Texting and driving could soon become illegal in South Dakota, but a bill which would make that happen is not sitting well with some law enforcement officers in the state.
The South Dakota House of Representatives passed a bill making texting and driving a secondary offense. That means you can't be pulled over for it, but it can be tacked on if you're pulled over for something else.
If it becomes state law, cities can't have their own distracted driving laws. That’s where Huron Police Chief Gary Will has an issue.
“If we have a local issue that needs to be worked on, we need to have the ability to do that,” Will said.
Huron already bans texting while driving. Officers can also ticket drivers in town if they’re distracted by anything else that causes them to break a traffic law. For example, a driver who runs a stop sign while reaching for a piece of pizza could get a distracted driving ticket.
According to the bill in Pierre, that law would have to go. Will says it's still needed.
Over the past two years, Huron officers have investigated more than 1,200 crashes. Will says at least a third and maybe up to half of those were caused by drivers not paying attention.
"We have a problem. We need to work on that particular problem and that's why we need the ability to deal with that by enacting our own ordinances," Will said.
Different perspectives came up when legislators debated the bill in Pierre Monday. Former Highway Patrol officer Myron Rau said that the state needs uniform traffic laws.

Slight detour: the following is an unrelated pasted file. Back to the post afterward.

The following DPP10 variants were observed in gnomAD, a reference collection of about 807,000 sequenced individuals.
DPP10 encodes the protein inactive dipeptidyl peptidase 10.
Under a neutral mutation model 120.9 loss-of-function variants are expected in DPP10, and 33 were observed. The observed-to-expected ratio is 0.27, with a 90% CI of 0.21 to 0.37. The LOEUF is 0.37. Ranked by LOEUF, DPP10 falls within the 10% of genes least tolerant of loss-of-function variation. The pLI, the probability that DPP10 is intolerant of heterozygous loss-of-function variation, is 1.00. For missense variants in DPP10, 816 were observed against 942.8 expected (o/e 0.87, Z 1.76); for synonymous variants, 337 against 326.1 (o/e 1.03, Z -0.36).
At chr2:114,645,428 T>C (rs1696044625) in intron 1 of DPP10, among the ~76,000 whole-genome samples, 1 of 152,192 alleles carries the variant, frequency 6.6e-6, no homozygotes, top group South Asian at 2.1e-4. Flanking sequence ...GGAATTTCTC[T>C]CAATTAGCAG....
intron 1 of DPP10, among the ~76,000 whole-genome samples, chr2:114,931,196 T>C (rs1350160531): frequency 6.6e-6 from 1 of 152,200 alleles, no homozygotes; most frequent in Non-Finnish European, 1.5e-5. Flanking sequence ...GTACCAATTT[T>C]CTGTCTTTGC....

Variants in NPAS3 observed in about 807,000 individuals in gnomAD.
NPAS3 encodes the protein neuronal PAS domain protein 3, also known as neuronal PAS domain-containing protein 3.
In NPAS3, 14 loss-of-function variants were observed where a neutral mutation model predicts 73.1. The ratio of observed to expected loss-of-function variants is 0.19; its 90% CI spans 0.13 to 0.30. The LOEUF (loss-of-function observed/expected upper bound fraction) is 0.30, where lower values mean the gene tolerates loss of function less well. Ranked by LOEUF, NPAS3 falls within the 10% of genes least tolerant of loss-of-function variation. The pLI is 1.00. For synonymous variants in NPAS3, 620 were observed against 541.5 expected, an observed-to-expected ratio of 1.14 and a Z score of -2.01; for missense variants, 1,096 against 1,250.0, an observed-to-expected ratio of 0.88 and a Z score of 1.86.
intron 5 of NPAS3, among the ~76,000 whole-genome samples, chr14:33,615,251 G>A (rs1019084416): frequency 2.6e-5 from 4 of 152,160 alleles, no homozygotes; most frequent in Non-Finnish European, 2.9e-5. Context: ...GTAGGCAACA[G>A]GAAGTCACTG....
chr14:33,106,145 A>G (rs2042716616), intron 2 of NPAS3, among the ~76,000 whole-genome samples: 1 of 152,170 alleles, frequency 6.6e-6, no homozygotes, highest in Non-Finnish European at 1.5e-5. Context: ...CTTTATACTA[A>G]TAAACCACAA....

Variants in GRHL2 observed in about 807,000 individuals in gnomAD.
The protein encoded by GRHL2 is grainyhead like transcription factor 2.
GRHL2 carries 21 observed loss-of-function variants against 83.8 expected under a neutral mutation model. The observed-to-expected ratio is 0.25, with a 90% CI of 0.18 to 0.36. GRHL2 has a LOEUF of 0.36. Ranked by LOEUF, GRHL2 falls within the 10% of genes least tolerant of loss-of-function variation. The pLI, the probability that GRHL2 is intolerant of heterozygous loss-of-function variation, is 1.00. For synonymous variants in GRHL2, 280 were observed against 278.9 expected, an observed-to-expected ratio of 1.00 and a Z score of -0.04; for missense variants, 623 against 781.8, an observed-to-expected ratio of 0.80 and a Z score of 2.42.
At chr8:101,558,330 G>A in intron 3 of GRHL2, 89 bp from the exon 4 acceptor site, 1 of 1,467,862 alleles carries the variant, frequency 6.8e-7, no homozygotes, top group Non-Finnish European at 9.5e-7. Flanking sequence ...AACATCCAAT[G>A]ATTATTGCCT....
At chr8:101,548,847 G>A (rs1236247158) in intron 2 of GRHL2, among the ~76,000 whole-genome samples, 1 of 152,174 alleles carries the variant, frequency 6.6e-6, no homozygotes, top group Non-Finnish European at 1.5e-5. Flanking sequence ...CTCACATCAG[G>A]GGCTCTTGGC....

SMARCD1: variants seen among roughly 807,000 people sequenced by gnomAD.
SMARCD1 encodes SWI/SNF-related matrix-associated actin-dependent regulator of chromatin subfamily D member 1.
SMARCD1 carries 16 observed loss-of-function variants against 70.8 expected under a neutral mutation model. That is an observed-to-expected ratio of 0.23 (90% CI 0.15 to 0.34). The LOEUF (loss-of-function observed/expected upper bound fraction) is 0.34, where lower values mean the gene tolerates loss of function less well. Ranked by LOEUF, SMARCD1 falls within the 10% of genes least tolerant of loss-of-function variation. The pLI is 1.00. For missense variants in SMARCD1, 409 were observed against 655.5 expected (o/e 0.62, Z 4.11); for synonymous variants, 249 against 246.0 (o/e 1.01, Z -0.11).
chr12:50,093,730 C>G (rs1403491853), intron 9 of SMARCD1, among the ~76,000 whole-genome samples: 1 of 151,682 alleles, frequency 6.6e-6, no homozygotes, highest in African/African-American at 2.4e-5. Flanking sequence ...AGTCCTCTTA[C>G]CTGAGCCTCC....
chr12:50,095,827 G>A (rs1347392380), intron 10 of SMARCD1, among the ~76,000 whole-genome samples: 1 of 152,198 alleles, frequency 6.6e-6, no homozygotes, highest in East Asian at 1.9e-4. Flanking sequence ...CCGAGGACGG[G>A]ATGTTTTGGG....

At the same meeting, some said tourism a big industry in South Dakota, and visitors shouldn't have to deal with different laws while traveling from city to city.
Rep. Peggy Gibson, D-Huron, is on the House committee which unanimously passed the bill.
"I was interested in getting something passed this legislative session rather than nothing passed," Gibson said.
Gibson says a bill probably won't survive if it allows cities to keep their own distracted driving laws and if texting behind the wheel is made a primary offense statewide.
Even though those are elements he wants to see in a state law, Will says he supports the idea of a statewide texting ban.
"The goal is to get people to change their behaviors," Will said.
Still, there are distracting behaviors, beyond texting, he'd still like to see changed in Huron.
Will also is concerned with a section of the bill that prohibits officers from confiscating people's cell phones. He says if someone is killed in a crash, officers might need the phone as evidence. After speaking with its prime sponsor, Gibson says it's not the bill's intent to interfere with an investigation like that.